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"Another Durham boat possibility?" Topic

5 Posts

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18th Century

420 hits since 10 May 2018
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Comments or corrections?

Winston Smith Supporting Member of TMP11 May 2018 3:46 p.m. PST


And it almost has a pointy end!
Does anyone know the dimensions?

Personal logo ColCampbell Supporting Member of TMP11 May 2018 4:03 p.m. PST


Why don't you contact them and ask? Their e-mail is listed.

TMP link


Personal logo miniMo Supporting Member of TMP11 May 2018 4:05 p.m. PST

I'm not familiar with that kit, but for another option, Laser Dream Works has a couple of Colonial Bateaux. Well, they're actually more like Skiffs because Bateaux should be pointy at both ends too.

Is a Durham Boat just a brand-name for a Bateau?

I've got the Skiffy kits and they're very nice, laser-cut plywood! I've also sent a note to them asking if they can do a double-ended variant. Maybe if others ask too, that will help move it along ^,^

I had sent them these plans: link

Marshal Saxe11 May 2018 5:56 p.m. PST

Batteau is simply the French word for boat. There were many different types of batteaux in colonial America. Lake batteau had higher sides and a more rounded hull, for seaworthyness in wide waters. The James river batteau is almost a raft, having vertical sides about a foot or 18 inches high. A Mohawk River batteau was about 30 feet long, the James River about 45 feet. The James River was wide, to carry hogsheads of tobacco. The Mohawk carried general cargo. Lake George Batteau could carry about 20 barrels of flour to Fort Ticonderoga, according to testimony at General St. Clair's court martial.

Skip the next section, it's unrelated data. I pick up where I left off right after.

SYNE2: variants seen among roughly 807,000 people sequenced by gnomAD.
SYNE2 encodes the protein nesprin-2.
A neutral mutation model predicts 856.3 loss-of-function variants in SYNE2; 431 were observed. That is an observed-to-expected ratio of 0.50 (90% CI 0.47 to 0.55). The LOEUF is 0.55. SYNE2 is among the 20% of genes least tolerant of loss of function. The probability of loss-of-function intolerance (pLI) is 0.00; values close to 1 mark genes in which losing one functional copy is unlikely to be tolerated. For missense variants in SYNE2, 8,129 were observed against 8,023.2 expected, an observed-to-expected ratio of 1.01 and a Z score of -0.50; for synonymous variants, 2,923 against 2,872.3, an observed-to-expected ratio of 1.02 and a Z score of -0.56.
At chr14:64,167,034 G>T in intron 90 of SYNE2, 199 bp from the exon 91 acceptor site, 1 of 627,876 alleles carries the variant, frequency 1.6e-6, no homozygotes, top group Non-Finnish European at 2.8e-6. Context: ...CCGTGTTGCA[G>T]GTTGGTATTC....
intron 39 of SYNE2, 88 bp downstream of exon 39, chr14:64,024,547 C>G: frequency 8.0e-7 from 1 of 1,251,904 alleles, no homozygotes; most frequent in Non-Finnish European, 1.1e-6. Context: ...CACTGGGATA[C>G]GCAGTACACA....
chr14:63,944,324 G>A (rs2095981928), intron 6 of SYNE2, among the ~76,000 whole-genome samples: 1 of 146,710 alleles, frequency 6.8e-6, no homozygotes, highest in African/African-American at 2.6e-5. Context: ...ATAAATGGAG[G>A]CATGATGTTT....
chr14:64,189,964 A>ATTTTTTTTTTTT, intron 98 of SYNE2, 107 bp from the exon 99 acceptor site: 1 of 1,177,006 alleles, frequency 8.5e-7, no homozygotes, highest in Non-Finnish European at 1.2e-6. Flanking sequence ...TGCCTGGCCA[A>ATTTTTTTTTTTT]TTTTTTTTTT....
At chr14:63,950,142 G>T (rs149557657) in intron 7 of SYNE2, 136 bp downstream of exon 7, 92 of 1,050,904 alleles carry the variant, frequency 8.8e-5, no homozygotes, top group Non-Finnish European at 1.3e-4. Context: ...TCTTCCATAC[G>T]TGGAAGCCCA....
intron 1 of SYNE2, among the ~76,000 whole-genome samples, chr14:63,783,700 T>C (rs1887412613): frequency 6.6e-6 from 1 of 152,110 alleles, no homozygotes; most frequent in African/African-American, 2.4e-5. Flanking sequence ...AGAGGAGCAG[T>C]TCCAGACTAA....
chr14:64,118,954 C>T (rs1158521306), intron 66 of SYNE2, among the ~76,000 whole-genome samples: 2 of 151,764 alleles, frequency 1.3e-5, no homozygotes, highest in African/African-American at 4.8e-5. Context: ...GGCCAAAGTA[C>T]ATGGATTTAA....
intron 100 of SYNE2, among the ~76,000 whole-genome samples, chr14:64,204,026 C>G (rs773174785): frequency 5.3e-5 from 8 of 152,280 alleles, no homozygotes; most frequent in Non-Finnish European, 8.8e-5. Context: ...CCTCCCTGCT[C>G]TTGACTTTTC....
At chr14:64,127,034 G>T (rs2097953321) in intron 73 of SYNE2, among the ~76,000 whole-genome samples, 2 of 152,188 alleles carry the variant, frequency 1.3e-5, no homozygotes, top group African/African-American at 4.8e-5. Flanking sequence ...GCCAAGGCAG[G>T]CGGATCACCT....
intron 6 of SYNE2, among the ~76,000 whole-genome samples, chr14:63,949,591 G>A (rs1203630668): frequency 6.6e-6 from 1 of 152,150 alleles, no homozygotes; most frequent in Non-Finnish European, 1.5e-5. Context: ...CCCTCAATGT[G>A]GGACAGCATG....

Some batteau could have their bottoms strengthened so that small mortars could be fired from them, as Bradstreet proved in 1758, and this was done again at Ticonderoga in the Revolution. But the utility of this experiment is suspect.
Northern batteau were meant only to last for a few campaigns, and sunk over the winter, brought up in the Spring. Cheap and easy to build were the criteria. James River batteau might only be used once, being broken up at Richmond and the the wood used for other purposes,
Durham boats were long, (50 feet?) with tall,straight sides, and of sturdy construction, designed for long term use carrying ore and bulky crops. AFAIK all were double ended, perhaps for ease in construction

Durban Gamer12 May 2018 2:47 a.m. PST

Thanks, it's expert contributions like Marshal's that help make TMP such a great place!

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